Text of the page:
Having unconsciously accepted his mission at this point, he returns to the Fortress of Solitude and finds — surprise, surprise — another crest of the House of El engraved into a motto banner below the much larger crest of House El. The banner reads:
“The blood of House El will forever bind us.”
So he pulls out his contraband blade and cuts across his palm to squeeze a bunch of blood onto the crest. As dramatic as it was, I couldn’t help be annoyed by the trope.
Besides being a hugelyÂ unhygienic key for activating the computer system (more on that in a second), cutting your palm has got to be the most injurious site you could choose. Surely, a drop from your fingertip would be just as effective? The palm (especially if he’s right-handed) is going to take forever to heal and is highly likely to get infected.
As for being a system key, it’s not exactly secure from counterfeiting. Considering how many times we’ve seen Seg get beaten up in these first two episodes, anyone could’ve gotten a blood sample. In fact, he should probably still have an open wound that he could’ve just pulled the bandage back from to turn on the crest.
Yeah, so I don’t think Gramps really thought that one through. Anyhow, this brings us to Stage Three: Supernatural Aid, aka Grandpa Val. At least, in holographic A.I. form.
I guess Adam is more of an active ally but he’s pretty supernatural in his own right even if he’s a bit clueless about what the plan is. Holo-Val, meanwhile, is a wealthy of House of El information and Brainiac exposition. He coins the term “Phantom Zone” for us (which was a bit of a thrill, I’ll admit) and lays the responsibility mantle on Seg pretty heavy.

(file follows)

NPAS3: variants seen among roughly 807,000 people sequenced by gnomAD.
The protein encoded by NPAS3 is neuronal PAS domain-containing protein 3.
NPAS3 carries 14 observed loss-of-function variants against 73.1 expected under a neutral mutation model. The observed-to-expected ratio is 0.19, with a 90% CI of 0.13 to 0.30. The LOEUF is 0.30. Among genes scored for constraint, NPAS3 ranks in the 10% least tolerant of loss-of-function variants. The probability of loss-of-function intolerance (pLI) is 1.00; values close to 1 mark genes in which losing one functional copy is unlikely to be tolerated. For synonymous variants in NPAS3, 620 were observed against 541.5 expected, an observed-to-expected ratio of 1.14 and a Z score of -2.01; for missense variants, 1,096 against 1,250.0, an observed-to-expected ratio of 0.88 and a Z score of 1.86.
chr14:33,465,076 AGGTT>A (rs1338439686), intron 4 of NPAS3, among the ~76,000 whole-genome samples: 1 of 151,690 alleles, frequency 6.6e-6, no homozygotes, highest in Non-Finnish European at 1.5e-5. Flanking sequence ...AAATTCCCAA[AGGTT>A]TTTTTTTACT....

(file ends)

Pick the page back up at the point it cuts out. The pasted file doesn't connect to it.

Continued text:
After their discussion, Seg returns for his investiture ceremony into the House of Vex where he makes his big stand against Daron. With the backing of the Voice of Rao, he is permitted to wear the sigil of the Science Guild instead of House Vex (since House El is still outlawed) to Daron’s dismay.
While Seg wins his conflict here in political and almost philosophical terms, Lyta spends this episode fighting for her principles quite literally and physically and with lethal consequences.
When she meets with Seg and realizes that they cannot be together because her mother killed his parents, she is far more mature about the situation than is honestly realistic. It could speak to her life as her mother’s daughter but her advice to Seg, to herself, is the message at the heart of this episode, possibly the series:
“There are so many things in our lives that we can’t control. Only you know what’s inside you, what you’re capable of. You just need to be true to yourself. We both do.”
Taking action on her own words, she challenges her jerk of a commander, Quex-Ul (Gordon Alexander, Bounty Hunters) and forces her mother to officiate an official Candorian duel for command. A duel where no mercy is offered, asked for, or given. R.I.P. Quex, you toad.
Interestingly enough, Lyta’s journey has begun to take the shape of the Heroine’s Journey, Maureen Murdock’s alternative to Campbell’s patriarchal monomyth. It’s too early to be certain but it may point the direction for her relationship with Seg.
I usually take a minimum of three episodes to pronounce whether I like a new series or not. I can sincerely make the call on Krypton after two with the caveat that they’ll need to straighten out their focus.
By my count, Seg is facing an external threat (Brainiac, whom Adam and Zem found evidence of at that “meteor shower” site), an internal threat (House Vex, possibly the Voice of Rao), AND a societal threat (the Rankless Initiative/Black Zero). That could potentially boil down to a hot mess. I’m optimistic that it’ll all align soon.
KryptonÂ airs Wednesday nights at 10pm ET/PT on SYFY.